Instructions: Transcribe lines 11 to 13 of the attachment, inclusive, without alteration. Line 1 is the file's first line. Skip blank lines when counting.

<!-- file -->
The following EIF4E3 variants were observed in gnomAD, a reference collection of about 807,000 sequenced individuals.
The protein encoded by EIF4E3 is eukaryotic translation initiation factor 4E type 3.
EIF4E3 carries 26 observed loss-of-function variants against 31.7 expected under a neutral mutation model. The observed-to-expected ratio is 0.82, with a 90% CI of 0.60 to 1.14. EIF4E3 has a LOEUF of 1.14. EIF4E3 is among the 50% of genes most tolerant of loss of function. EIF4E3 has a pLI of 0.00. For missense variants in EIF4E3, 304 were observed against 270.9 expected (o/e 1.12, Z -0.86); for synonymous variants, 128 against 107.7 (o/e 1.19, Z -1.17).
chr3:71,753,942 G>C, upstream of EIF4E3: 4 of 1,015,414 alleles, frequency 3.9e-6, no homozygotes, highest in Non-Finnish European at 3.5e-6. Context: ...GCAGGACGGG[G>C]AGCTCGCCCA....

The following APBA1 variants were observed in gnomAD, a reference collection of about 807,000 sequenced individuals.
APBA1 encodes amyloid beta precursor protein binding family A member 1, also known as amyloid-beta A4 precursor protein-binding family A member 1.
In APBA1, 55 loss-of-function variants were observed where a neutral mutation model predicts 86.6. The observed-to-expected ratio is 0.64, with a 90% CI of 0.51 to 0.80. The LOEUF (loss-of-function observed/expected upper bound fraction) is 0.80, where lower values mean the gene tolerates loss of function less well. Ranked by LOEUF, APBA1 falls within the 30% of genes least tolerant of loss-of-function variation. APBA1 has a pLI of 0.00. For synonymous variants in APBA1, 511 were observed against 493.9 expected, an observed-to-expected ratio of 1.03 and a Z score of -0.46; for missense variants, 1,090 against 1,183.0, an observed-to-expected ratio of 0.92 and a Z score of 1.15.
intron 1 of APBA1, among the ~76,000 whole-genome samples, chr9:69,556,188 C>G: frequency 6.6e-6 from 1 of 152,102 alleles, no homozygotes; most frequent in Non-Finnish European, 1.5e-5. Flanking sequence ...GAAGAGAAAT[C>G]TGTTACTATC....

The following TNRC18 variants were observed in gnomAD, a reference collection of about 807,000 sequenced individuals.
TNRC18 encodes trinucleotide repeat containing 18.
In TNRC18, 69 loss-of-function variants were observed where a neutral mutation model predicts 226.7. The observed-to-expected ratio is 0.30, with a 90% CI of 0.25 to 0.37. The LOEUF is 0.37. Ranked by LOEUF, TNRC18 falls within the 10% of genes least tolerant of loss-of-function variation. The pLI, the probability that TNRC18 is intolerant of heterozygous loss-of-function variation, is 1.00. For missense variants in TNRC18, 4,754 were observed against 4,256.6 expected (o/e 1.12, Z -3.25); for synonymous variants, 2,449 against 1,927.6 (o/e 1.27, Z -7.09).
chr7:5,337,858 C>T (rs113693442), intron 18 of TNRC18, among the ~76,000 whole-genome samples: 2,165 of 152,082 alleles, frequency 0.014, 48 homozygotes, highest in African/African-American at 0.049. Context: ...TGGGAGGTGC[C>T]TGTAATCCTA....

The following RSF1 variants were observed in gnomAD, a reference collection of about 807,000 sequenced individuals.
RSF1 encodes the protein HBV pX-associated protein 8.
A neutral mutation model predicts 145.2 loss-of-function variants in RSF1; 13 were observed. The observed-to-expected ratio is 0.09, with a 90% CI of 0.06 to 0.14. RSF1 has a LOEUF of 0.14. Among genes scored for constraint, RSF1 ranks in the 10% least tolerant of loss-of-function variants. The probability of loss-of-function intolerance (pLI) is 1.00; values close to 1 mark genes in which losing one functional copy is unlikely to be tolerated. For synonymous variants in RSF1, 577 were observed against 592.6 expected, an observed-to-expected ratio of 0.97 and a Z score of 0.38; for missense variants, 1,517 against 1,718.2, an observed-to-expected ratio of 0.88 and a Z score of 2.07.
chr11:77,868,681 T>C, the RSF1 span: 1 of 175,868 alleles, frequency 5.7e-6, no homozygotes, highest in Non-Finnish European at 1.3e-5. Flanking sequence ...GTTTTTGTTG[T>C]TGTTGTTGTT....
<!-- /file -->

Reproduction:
In TNRC18, 69 loss-of-function variants were observed where a neutral mutation model predicts 226.7. The observed-to-expected ratio is 0.30, with a 90% CI of 0.25 to 0.37. The LOEUF is 0.37. Ranked by LOEUF, TNRC18 falls within the 10% of genes least tolerant of loss-of-function variation. The pLI, the probability that TNRC18 is intolerant of heterozygous loss-of-function variation, is 1.00. For missense variants in TNRC18, 4,754 were observed against 4,256.6 expected (o/e 1.12, Z -3.25); for synonymous variants, 2,449 against 1,927.6 (o/e 1.27, Z -7.09).
chr7:5,337,858 C>T (rs113693442), intron 18 of TNRC18, among the ~76,000 whole-genome samples: 2,165 of 152,082 alleles, frequency 0.014, 48 homozygotes, highest in African/African-American at 0.049. Context: ...TGGGAGGTGC[C>T]TGTAATCCTA....

The following RSF1 variants were observed in gnomAD, a reference collection of about 807,000 sequenced individuals.